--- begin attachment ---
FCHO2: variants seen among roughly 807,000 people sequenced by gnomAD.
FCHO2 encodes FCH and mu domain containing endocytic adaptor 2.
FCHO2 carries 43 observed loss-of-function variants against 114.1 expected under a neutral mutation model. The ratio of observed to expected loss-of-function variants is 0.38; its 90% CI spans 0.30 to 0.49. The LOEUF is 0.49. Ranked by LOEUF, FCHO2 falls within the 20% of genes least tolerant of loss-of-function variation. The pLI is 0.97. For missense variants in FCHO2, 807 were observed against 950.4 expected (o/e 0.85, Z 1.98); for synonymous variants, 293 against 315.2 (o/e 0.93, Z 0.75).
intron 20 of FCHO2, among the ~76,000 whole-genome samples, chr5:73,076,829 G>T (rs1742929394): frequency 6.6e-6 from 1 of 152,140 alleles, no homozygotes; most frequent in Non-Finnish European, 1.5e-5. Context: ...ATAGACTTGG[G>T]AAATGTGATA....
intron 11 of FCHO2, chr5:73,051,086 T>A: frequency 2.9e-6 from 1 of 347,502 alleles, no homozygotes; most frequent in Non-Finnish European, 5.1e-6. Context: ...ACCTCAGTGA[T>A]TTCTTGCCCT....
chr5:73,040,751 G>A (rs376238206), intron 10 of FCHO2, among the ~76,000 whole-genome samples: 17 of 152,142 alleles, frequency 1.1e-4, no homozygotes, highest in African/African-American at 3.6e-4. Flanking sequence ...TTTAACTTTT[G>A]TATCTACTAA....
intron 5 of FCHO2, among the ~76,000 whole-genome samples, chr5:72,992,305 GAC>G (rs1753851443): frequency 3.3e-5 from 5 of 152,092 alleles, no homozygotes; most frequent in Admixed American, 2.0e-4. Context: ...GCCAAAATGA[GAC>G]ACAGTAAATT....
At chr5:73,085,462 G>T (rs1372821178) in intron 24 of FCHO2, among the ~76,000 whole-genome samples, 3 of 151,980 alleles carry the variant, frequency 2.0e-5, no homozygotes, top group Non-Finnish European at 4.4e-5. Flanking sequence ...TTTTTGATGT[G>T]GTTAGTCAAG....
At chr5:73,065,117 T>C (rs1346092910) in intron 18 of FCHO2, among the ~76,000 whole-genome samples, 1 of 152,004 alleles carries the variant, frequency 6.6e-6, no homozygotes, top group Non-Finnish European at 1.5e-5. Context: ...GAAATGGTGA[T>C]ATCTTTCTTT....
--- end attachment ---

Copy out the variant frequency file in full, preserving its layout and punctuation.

FCHO2: variants seen among roughly 807,000 people sequenced by gnomAD.
FCHO2 encodes FCH and mu domain containing endocytic adaptor 2.
FCHO2 carries 43 observed loss-of-function variants against 114.1 expected under a neutral mutation model. The ratio of observed to expected loss-of-function variants is 0.38; its 90% CI spans 0.30 to 0.49. The LOEUF is 0.49. Ranked by LOEUF, FCHO2 falls within the 20% of genes least tolerant of loss-of-function variation. The pLI is 0.97. For missense variants in FCHO2, 807 were observed against 950.4 expected (o/e 0.85, Z 1.98); for synonymous variants, 293 against 315.2 (o/e 0.93, Z 0.75).
intron 20 of FCHO2, among the ~76,000 whole-genome samples, chr5:73,076,829 G>T (rs1742929394): frequency 6.6e-6 from 1 of 152,140 alleles, no homozygotes; most frequent in Non-Finnish European, 1.5e-5. Context: ...ATAGACTTGG[G>T]AAATGTGATA....
intron 11 of FCHO2, chr5:73,051,086 T>A: frequency 2.9e-6 from 1 of 347,502 alleles, no homozygotes; most frequent in Non-Finnish European, 5.1e-6. Context: ...ACCTCAGTGA[T>A]TTCTTGCCCT....
chr5:73,040,751 G>A (rs376238206), intron 10 of FCHO2, among the ~76,000 whole-genome samples: 17 of 152,142 alleles, frequency 1.1e-4, no homozygotes, highest in African/African-American at 3.6e-4. Flanking sequence ...TTTAACTTTT[G>A]TATCTACTAA....
intron 5 of FCHO2, among the ~76,000 whole-genome samples, chr5:72,992,305 GAC>G (rs1753851443): frequency 3.3e-5 from 5 of 152,092 alleles, no homozygotes; most frequent in Admixed American, 2.0e-4. Context: ...GCCAAAATGA[GAC>G]ACAGTAAATT....
At chr5:73,085,462 G>T (rs1372821178) in intron 24 of FCHO2, among the ~76,000 whole-genome samples, 3 of 151,980 alleles carry the variant, frequency 2.0e-5, no homozygotes, top group Non-Finnish European at 4.4e-5. Flanking sequence ...TTTTTGATGT[G>T]GTTAGTCAAG....
At chr5:73,065,117 T>C (rs1346092910) in intron 18 of FCHO2, among the ~76,000 whole-genome samples, 1 of 152,004 alleles carries the variant, frequency 6.6e-6, no homozygotes, top group Non-Finnish European at 1.5e-5. Context: ...GAAATGGTGA[T>C]ATCTTTCTTT....